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A profound, imaginative novel about storytelling, truth and the long reach of the past
Destiny can take many shapes. For Henry, a writer struggling to finish a book about the Holocaust, it arrives in the form of a puzzling envelope from a stranger.
The envelope takes him into a taxidermist’s workshop. Filled with lovingly preserved animals from all corners of the globe, this place is unlike anywhere he has ever been. Among the hundreds of stuffed animals are Beatrice and Virgil: a monkey and a donkey—they are also the characters in a play the taxidermist is writing.
When taxidermist asks Henry for help with the play, he is drawn in. But what is this play actually about? What have the animals suffered at the hands of the author? Who is he? And what does he really want from Henry?
With the imaginative reach and spirit that helped Life of Pi delight over seven million readers around the world, Beatrice and Virgil asks profound questions about violence, kindness, and the power of stories to change us.
Martel has again delivered a complex, stunning and important work … The devastating impact of this book is delivered with such quiet grace that the dawning awareness that this is a novel about fictionalising the Holocaust creeps up on the reader. The final section, a series of games, is equally confronting.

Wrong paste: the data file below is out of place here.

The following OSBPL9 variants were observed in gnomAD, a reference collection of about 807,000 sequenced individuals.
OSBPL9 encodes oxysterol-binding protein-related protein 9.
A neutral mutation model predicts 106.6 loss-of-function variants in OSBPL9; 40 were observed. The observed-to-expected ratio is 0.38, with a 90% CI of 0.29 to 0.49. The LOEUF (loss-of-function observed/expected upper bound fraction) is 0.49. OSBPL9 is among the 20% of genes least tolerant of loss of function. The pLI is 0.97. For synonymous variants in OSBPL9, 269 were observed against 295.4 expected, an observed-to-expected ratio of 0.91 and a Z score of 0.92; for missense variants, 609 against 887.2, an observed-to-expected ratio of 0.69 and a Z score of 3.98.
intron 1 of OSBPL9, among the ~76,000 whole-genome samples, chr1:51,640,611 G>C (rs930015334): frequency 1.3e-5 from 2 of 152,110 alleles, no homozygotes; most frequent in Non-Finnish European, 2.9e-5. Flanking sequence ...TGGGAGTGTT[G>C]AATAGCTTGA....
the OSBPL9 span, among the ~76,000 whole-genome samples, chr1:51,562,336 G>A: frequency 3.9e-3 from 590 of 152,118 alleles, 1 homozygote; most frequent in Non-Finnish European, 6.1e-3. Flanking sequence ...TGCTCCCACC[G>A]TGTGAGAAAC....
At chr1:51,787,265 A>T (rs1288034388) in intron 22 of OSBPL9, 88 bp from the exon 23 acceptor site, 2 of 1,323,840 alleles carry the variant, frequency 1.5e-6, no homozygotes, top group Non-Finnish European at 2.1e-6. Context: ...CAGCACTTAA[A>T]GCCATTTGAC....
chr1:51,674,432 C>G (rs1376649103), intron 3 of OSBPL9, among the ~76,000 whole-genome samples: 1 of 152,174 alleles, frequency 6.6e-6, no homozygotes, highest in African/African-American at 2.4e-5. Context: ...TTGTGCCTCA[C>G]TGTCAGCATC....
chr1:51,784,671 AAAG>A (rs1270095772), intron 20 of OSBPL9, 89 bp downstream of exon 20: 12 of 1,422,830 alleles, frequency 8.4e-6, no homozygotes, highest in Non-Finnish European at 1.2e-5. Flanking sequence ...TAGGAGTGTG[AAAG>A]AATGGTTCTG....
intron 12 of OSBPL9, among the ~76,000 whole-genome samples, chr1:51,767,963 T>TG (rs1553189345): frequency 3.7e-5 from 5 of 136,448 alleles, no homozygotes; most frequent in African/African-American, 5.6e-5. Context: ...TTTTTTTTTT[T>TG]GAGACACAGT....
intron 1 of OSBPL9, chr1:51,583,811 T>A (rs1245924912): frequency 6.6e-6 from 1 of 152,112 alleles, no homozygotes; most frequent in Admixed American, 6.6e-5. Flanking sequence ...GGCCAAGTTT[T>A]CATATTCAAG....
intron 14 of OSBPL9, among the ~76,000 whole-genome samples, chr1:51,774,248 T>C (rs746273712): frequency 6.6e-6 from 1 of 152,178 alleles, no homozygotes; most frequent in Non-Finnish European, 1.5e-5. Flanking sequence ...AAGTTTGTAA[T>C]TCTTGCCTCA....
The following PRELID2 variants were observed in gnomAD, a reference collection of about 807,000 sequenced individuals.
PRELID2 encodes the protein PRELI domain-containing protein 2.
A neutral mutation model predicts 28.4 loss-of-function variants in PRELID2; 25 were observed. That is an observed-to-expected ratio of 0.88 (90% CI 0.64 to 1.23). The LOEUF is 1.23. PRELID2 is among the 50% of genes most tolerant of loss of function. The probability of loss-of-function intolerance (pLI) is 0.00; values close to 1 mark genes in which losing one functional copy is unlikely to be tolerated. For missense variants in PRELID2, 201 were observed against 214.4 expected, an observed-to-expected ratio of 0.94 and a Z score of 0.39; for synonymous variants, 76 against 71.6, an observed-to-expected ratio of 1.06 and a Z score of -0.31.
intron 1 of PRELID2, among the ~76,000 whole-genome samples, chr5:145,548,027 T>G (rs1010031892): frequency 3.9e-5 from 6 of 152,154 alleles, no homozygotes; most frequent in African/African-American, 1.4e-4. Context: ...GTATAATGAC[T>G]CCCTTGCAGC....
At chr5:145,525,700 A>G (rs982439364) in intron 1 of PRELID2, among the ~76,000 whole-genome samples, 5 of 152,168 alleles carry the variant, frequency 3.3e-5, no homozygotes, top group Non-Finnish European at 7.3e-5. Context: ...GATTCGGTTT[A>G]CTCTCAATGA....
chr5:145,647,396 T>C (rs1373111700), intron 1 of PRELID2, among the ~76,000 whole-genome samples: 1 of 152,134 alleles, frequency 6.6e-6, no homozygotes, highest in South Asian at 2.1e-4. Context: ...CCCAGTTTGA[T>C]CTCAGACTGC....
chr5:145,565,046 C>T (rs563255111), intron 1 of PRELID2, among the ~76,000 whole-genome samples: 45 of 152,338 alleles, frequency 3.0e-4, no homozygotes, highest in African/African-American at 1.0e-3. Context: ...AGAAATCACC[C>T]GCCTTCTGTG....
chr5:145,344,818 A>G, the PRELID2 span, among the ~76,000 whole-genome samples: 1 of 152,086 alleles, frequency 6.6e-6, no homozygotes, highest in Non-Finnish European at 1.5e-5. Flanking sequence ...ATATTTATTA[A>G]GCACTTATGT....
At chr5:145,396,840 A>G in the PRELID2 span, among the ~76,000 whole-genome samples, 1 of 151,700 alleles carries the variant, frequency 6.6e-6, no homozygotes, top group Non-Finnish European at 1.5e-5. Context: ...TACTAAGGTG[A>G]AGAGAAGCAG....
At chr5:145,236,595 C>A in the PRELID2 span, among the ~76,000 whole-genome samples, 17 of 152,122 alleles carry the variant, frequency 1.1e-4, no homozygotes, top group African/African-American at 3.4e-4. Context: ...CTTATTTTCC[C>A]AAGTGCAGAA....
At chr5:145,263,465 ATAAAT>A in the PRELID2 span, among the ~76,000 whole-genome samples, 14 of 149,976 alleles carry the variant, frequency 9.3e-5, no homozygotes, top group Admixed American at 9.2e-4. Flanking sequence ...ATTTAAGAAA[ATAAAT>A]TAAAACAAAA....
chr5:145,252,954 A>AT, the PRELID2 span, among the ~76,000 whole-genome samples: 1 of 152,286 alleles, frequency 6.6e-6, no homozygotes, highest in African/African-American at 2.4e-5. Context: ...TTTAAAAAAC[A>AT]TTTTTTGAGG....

… the apparent lightness of his compelling storytelling carries with it a dark and disturbing echo that resounds like the great symphony of terrible howls projected through the sound system in Okapi Taxidermy.
Beautifully written, unconventional and intriguing
As the successor to his tremendously successful Life of Pi, Martel’s new book benefits from his serious intellect and superb writing skills … [A]n unusual and provocative take on a profound, hauntingly enduring subject.